Each Tranter was subtly different, but it wasn't handsome. They were pretty. Not girlie, but very, very pretty. Hard to put into words, but easy to see. Only I suppose I'd never seen it because I had eyes only for Carol, then only for Nigel. And they were blond and the Tranters were dark haired. Rosy cheeked, dark haired and long eyelashes.
"Not exactly sure, just general skiving off." Lying was one thing, getting my bluff called was another. I decided on a change of subject. "Know all your lines?"
"Bloody better by now. Dress tomorrow, then performances Friday and Saturday. Yeah, I know them." He was standing behind us. I got the feeling he was actually trying to be nice, not quite knowing how. "I get to kiss your old girlfriend, too. Pity she's going out with John Simpson."
"Join us?" Something made me extend friendship to him. I was a bit scared, especially after my talk with Mrs Wilding, but he'd no reason to know anything about that. Odd thing was he looked relieved, happy to be asked. And sat at the table with us.
It wasn't that we had anything in common, exactly. Almost the reverse, especially since he used to make my life a misery. But somehow that seemed to have vanished the day he collared me by the lockers with Billy and told me I was tough and that he liked tough kids. We didn't talk about much. Just stuff like the play, and how we thought it was funny, but wondered how the audience would react, and stuff. But he opened up. I found myself thinking how lucky Billy was to have an older brother to look after him. There was something about Geoff when you got up close and personal that wasn't what I'd seen at first. Something gentle.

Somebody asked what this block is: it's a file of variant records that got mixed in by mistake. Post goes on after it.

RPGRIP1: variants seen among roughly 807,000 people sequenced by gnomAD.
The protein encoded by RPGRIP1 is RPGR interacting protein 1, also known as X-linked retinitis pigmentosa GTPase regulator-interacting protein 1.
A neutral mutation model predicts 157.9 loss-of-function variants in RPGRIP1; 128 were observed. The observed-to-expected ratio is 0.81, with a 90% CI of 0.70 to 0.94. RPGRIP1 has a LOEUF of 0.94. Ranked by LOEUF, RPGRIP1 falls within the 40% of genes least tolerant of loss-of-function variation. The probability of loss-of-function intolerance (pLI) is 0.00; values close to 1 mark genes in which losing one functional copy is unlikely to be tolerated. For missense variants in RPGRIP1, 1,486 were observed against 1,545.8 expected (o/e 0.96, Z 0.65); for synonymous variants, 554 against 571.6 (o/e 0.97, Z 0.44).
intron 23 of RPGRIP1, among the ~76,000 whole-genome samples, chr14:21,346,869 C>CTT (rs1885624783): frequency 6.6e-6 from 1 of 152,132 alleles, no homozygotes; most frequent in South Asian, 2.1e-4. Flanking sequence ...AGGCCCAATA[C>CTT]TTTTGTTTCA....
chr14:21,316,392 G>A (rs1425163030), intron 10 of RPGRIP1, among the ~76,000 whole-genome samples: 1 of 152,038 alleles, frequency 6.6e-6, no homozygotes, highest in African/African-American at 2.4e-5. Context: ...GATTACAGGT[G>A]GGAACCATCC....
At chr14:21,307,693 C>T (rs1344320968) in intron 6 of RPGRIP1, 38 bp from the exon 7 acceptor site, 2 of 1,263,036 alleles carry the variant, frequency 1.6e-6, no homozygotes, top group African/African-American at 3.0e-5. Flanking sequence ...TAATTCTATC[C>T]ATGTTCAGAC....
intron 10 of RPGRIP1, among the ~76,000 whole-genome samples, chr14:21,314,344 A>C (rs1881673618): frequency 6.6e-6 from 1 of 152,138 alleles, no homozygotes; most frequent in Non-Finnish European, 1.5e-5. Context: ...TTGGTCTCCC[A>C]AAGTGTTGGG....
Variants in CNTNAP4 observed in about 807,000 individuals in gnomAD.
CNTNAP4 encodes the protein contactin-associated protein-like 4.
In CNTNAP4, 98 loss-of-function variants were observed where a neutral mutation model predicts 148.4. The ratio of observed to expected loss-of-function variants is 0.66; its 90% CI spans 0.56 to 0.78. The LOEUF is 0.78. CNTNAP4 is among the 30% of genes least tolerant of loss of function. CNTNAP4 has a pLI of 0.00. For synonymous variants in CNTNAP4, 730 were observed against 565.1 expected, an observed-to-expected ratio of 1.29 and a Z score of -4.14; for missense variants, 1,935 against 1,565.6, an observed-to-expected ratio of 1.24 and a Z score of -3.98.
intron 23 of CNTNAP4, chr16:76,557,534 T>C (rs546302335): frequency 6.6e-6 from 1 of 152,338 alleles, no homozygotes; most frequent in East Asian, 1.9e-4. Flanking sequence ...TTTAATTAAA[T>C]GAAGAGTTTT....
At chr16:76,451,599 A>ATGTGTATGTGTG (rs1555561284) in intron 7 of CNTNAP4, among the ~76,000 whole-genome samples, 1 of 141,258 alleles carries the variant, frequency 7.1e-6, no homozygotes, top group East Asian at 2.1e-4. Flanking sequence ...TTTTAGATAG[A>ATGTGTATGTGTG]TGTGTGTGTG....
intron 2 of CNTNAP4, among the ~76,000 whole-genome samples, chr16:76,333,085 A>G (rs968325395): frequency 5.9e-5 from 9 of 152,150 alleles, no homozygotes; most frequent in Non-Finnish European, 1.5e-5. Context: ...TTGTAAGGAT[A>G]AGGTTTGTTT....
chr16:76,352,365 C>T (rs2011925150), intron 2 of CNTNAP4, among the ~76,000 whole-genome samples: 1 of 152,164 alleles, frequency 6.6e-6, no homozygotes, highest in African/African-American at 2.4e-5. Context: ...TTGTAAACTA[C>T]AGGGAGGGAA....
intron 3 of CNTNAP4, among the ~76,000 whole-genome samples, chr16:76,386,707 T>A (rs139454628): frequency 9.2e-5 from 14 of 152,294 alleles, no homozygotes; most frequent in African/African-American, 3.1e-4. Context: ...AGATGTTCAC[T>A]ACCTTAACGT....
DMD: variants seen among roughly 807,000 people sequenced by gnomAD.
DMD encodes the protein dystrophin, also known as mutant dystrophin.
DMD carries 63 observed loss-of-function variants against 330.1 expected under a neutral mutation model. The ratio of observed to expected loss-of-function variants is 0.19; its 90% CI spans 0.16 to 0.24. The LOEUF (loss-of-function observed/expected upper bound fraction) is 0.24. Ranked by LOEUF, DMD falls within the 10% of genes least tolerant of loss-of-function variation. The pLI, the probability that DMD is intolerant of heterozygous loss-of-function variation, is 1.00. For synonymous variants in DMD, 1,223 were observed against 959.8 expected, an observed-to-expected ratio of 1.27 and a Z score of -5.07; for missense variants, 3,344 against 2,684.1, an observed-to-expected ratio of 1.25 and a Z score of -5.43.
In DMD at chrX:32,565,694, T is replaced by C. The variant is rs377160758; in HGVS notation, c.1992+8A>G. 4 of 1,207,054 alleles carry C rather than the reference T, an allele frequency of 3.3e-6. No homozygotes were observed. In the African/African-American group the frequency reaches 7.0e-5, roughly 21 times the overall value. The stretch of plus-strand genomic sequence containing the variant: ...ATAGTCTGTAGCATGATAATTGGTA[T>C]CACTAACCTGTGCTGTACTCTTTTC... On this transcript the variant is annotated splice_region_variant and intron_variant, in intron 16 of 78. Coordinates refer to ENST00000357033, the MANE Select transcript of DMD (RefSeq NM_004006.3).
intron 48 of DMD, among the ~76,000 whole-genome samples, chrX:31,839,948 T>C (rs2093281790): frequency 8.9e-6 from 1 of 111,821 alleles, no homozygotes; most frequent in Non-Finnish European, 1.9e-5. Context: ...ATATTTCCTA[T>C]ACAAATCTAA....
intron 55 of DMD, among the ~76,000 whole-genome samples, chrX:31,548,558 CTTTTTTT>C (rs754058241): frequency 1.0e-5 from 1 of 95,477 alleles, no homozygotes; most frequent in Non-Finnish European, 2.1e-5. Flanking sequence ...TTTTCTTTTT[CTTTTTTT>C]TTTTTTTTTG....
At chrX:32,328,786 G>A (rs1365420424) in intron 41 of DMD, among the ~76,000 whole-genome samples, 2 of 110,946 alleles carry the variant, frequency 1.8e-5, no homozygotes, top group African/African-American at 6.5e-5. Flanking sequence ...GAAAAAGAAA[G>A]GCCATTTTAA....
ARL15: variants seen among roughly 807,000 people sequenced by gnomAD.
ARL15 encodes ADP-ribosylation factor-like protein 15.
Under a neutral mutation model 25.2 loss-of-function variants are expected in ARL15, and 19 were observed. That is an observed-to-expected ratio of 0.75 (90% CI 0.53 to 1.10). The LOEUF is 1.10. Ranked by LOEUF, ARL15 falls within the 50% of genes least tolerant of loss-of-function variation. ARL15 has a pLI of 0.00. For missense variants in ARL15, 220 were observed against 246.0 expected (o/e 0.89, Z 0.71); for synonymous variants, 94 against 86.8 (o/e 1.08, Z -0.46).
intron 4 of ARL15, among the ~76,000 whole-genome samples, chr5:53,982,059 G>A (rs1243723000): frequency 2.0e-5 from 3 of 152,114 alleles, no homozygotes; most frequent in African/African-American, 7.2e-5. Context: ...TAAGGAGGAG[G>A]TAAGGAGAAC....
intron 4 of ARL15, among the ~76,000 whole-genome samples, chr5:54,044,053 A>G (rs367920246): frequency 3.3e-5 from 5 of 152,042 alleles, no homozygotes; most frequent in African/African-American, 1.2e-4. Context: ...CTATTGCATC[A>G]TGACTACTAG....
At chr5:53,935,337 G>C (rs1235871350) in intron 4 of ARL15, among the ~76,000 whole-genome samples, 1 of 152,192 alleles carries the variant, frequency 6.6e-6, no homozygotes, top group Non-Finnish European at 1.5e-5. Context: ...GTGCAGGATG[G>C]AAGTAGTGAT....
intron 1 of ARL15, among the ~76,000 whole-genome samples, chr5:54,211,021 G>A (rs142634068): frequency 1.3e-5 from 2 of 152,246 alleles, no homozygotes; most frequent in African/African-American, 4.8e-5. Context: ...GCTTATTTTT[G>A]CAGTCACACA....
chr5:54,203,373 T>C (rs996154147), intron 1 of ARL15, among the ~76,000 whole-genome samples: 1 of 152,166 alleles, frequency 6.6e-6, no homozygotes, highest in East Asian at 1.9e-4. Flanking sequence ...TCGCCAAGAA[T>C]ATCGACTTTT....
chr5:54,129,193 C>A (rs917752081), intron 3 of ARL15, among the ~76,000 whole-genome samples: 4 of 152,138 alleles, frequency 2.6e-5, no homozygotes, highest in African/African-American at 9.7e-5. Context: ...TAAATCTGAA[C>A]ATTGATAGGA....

"What's this new fashion for jewellery, then?" Geoff asked between bites of bun.
"Jewellery?" Nigel asked him.
"Yeah. This rash of name bracelets all over your year."
"Dunno," Nigel said. "Loads of us've got them. I think Gavin started it."
"My Dad'd never let me have one," Geoff said. "'Only for poofs!' That's what he'd say. I went him with a ring once. He threw it away. 'Only for poofs and Nancy boys, jewellery is!' He's always saying stuff like that."